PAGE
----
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So I am trying to create a Memory Management System. In order to do this I have a set amount of space (allocated by malloc) and then I have a function myMalloc which will essentially return a pointer to the space allocated. Since we will then try and free it, we are trying to set a header of the allocated space to be the size of the allocated space, using memset.

memset(memPtr,sizeBytes,sizeof(int));

We then need to be able to read this so we can see the size of it. We are attempting to do this by using memcpy and getting the first sizeof(int) bytes into a variable. For testing purposes we are just trying to do memset and then immediately get the size back. I've included the entire method below so that you can see all declarations. Any help would be greatly appreciated! Thanks!

void* FirstFit::memMalloc(int sizeBytes){

node* listPtr = freelist;
void* memPtr;   

// Cycle through each node in freelist
while(listPtr != NULL)
{

    if(listPtr->size >= sizeBytes) 
    {
        // We found our space
        // This is where the new memory allocation begins
        memPtr = listPtr->head;
        memset(memPtr,sizeBytes,sizeof(int));

        void *size;
        memcpy(size, memPtr, sizeof(int));
        // Now let's shrink freelist
        listPtr->size = listPtr->size - sizeBytes;

        int *temp = (int*)listPtr->head + (sizeBytes*sizeof(int));  
        listPtr->head = (int*) temp;
        return memPtr;
    }

    listPtr = listPtr->next;
}

::Edit:: Sorry! When running this, we keep getting a seg fault when attempting to run the memcpy line. We have been playing with different ideas for the past hour or so and honestly just have no idea where the error is occurring.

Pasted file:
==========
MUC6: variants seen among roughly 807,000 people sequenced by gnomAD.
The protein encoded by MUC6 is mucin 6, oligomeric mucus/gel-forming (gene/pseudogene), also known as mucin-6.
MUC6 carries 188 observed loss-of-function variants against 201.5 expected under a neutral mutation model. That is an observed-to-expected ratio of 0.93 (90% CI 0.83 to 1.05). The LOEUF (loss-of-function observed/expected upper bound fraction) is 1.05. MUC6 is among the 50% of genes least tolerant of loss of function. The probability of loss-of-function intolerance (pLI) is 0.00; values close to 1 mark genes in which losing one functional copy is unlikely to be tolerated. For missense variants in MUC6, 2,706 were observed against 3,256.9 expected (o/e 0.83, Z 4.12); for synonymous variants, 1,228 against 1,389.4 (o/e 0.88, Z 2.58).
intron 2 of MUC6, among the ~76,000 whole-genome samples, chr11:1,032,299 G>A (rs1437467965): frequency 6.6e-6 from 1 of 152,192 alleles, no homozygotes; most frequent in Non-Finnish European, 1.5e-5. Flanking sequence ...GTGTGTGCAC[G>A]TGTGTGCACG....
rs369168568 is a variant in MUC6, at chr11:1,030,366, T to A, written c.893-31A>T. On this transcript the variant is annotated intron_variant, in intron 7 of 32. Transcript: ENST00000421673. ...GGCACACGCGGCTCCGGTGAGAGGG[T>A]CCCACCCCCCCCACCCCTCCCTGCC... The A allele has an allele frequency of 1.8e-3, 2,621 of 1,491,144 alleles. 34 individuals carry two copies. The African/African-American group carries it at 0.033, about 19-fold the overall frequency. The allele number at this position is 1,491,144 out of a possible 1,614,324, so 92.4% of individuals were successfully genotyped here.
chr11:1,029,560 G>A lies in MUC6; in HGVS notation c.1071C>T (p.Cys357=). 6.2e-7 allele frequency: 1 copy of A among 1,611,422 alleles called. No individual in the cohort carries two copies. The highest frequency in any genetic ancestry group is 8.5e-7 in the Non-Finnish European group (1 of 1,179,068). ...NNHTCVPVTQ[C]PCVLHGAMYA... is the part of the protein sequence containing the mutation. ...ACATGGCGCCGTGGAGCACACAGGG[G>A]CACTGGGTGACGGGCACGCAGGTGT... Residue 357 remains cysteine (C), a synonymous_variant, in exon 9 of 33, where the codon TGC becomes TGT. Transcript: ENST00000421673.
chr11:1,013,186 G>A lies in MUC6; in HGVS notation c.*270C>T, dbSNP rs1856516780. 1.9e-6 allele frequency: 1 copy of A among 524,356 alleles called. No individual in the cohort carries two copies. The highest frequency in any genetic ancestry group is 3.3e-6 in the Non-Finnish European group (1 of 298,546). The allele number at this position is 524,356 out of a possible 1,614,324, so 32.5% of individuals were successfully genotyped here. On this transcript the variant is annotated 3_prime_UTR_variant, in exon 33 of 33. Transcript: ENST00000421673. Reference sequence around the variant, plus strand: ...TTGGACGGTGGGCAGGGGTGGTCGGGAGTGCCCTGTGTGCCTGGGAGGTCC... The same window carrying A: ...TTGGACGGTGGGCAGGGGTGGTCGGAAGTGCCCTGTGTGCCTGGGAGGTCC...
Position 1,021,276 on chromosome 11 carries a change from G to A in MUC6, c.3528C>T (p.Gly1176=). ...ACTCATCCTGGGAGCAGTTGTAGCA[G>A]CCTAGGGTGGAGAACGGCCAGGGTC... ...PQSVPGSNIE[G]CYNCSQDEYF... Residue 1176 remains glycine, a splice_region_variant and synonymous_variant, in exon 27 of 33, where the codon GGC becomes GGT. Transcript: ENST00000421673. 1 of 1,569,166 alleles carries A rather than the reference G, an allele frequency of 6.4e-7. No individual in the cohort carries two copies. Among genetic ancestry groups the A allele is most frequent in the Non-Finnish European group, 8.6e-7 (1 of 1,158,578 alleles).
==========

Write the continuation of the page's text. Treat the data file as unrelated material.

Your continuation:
::Edit2:: I also posted this as a comment, but figured I'd put it here as well, so it was easier to find...

Our problem is that we have an allocated space that we are allowed to work with, specified by one malloc call for 128MB. We can only use this, so we can't initialize size to anything using malloc. I guess, is there a way to do this without initializing size. If not, is there anyway to get the int that the header is set to without using memcpy.

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I don't think I see a question anywhere in what you've written - please edit it so we can tell what you're asking for help with! –  Jefromi Apr 1 '10 at 4:19
    
you might want size to be initialized to something... that could be the seg fault... –  Jason D Apr 1 '10 at 4:31

6 Answers 6

up vote 1 down vote accepted

You code has numerous bugs in it - rather than go through them one-by-one, I'll give you a commented version of what it should look like:

void* FirstFit::memMalloc(size_t sizeBytes)  // size_t is the appropriate type for memory sizes
{
    node* listPtr = freelist;
    void* memPtr;   
    // The actual allocation needs to be bigger, to have space to hold the size itself.
    size_t allocSize = sizeBytes + sizeof allocSize;

    // Test to make sure that allocSize didn't wrap around to zero
    if (allocSize < sizeBytes)
    {
        return NULL;
    }

    // Cycle through each node in freelist
    while(listPtr != NULL)
    {

        if(listPtr->size >= allocSize) 
        {
            // We found our space
            // This is where the new memory allocation begins
            memPtr = listPtr->head;

            // Copy the size to the start of the memory region
            memcpy(memPtr, &allocSize, sizeof allocSize);

            // Increment the pointer to be returned past the size
            char *tempPtr = (char *)memPtr;
            memPtr = (void *)(tempPtr + sizeof allocSize);

            // Shrink the block
            listPtr->size -= allocSize;
            tempPtr = (char *)listPtr->head;
            listPtr->head = (void *)(tempPtr + allocSize);

            // TODO: If the block is now zero-sized, remove it from the linked list